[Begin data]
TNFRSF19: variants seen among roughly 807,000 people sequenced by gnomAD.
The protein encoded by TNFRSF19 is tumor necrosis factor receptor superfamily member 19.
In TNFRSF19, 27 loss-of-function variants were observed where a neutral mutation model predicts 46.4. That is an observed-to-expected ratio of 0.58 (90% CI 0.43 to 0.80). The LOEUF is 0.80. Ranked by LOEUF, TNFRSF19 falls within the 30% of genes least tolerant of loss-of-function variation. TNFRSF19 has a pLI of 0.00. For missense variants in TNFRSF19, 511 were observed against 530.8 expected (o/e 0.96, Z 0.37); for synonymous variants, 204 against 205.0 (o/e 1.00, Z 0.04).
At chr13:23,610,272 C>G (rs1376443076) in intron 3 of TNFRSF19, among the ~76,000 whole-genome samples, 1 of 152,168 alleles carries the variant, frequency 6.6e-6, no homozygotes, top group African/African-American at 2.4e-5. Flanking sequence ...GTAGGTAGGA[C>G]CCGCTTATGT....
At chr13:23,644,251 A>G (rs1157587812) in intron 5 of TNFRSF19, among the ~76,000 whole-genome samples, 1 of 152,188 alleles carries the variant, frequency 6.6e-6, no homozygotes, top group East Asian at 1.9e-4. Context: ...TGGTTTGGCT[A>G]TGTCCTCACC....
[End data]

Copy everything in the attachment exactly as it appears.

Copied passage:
TNFRSF19: variants seen among roughly 807,000 people sequenced by gnomAD.
The protein encoded by TNFRSF19 is tumor necrosis factor receptor superfamily member 19.
In TNFRSF19, 27 loss-of-function variants were observed where a neutral mutation model predicts 46.4. That is an observed-to-expected ratio of 0.58 (90% CI 0.43 to 0.80). The LOEUF is 0.80. Ranked by LOEUF, TNFRSF19 falls within the 30% of genes least tolerant of loss-of-function variation. TNFRSF19 has a pLI of 0.00. For missense variants in TNFRSF19, 511 were observed against 530.8 expected (o/e 0.96, Z 0.37); for synonymous variants, 204 against 205.0 (o/e 1.00, Z 0.04).
At chr13:23,610,272 C>G (rs1376443076) in intron 3 of TNFRSF19, among the ~76,000 whole-genome samples, 1 of 152,168 alleles carries the variant, frequency 6.6e-6, no homozygotes, top group African/African-American at 2.4e-5. Flanking sequence ...GTAGGTAGGA[C>G]CCGCTTATGT....
At chr13:23,644,251 A>G (rs1157587812) in intron 5 of TNFRSF19, among the ~76,000 whole-genome samples, 1 of 152,188 alleles carries the variant, frequency 6.6e-6, no homozygotes, top group East Asian at 1.9e-4. Context: ...TGGTTTGGCT[A>G]TGTCCTCACC....